With the likelihood of an Israeli strike on Iran, and with Iran threatening to deal the U.S. “a strong blow in the mouth,” what kind of message are Democrats sending Tehran by insisting on quickly withdrawing U.S. troops from the region?
Having stood idly by while Iran progressed through step after step in their near-complete quest to obtain nuclear weapons, we now will be telling the mullahs that we will be splitting town when our ally finally opposes them. In today’s New York Sun, Eli Lake compiles some of the “nightmare scenarios” that may be unleashed in response to an Israeli strike:
• A terrorist attack on the Saudi oil port of Ras Tanura, an export point for oil bound for Asia. Saudi and American officials have in the past disrupted Al Qaeda plots on the facility, such as an attack on the Abqaiq oil processing plant near Dammam, Saudi Arabia, that killed two guards.
• A naval assault on the U.S. 5th Fleet in the Persian Gulf. Iran still has warships equipped with Russian-designed Shkval torpedoes that it could fire at American vessels. Another possible attack would be suicide boat sorties similar to the one that bombed the USS Cole.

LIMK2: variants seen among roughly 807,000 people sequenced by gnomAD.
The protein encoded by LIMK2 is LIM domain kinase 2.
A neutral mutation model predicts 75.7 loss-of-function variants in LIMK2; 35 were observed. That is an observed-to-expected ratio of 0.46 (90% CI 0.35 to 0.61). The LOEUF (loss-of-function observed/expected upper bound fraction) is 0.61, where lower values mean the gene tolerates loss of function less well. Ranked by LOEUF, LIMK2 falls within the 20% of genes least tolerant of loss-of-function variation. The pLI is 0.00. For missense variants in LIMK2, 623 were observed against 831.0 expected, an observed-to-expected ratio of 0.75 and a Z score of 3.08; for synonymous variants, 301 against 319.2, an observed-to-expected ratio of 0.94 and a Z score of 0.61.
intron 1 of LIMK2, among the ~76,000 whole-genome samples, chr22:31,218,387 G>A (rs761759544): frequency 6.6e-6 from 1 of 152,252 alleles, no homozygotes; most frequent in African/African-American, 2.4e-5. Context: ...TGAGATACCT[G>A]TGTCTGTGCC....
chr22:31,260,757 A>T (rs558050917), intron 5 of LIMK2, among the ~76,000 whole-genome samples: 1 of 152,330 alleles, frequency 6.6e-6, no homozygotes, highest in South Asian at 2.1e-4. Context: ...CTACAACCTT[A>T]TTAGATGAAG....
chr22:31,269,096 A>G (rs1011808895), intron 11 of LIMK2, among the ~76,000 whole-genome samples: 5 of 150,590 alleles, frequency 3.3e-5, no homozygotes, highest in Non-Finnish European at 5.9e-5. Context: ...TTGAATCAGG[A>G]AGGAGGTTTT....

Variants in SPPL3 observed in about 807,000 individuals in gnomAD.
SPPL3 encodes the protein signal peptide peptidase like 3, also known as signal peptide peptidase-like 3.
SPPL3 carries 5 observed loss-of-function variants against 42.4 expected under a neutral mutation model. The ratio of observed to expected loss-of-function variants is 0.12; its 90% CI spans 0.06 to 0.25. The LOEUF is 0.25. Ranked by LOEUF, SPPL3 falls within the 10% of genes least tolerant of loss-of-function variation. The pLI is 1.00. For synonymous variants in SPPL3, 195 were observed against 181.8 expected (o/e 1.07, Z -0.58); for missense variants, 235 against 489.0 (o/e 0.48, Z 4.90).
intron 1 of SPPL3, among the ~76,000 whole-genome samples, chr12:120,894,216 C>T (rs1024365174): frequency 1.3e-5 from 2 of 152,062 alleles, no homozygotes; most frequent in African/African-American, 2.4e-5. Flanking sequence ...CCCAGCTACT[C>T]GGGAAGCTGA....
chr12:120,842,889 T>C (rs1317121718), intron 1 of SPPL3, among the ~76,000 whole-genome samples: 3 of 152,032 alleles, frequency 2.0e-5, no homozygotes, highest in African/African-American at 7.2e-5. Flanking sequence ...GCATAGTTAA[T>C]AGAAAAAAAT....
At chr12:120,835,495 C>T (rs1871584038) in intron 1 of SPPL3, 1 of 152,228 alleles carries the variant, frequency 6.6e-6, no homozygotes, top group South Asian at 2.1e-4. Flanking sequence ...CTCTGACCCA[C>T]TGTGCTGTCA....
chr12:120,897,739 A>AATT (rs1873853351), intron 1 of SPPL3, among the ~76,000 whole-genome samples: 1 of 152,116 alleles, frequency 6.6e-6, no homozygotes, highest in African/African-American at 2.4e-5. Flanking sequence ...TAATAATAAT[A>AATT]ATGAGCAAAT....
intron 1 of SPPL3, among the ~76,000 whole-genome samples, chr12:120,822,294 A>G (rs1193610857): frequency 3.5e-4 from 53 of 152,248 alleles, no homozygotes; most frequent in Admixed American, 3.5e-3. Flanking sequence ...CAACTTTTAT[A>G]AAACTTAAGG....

• The commencement of a new round in the war between Hezbollah and Israel, with Hezbollah firing its Shihab missiles into Haifa and possibly the northern suburbs of Tel Aviv.
• Hezbollah or Iranian intelligence terrorist operations on soft targets, such as shopping malls and community centers, in third countries and possibly even America.
• A renewed effort to stir an uprising in Iraq through Moqtada al-Sadr’s Mahdi Army or the special groups controlled by Iran’s Revolutionary Guard.
With this range of attacks (including one on Iraq) on the table, does Barack Obama really see a strategic benefit in passing up the opportunity to maintain a regional U.S. troop presence? If the answer is “yes,” it merely means he’s a disastrously poor strategic thinker. Since the answer is “no,” it means something much worse.
Instead of being serious about the most important national security issue facing America today, Obama is being political. In a speech before the Chicago Council on Foreign Relations Obama said: “. . . I believe that, having waged a war that has unleashed daily carnage and uncertainty in Iraq, we have to manage our exit in a responsible way.” One can argue against the war, but whatever your complaints, you can’t say it was “waged” in the interest of election-year partisan tribalism. Whereas Obama’s current plan for a “responsible” withdrawal is. This is not getting out more nobly than we got in; it’s letting campaign bluster shape life-and-death policy.
Yesterday, John Bolton claimed that Israel will attack Iran between November and January. In the event of a general election victory for the Democrats, this deposits Barack Obama in the White House at the very moment when any of the above catastrophes could hit. Now that’s a “nightmare scenario.”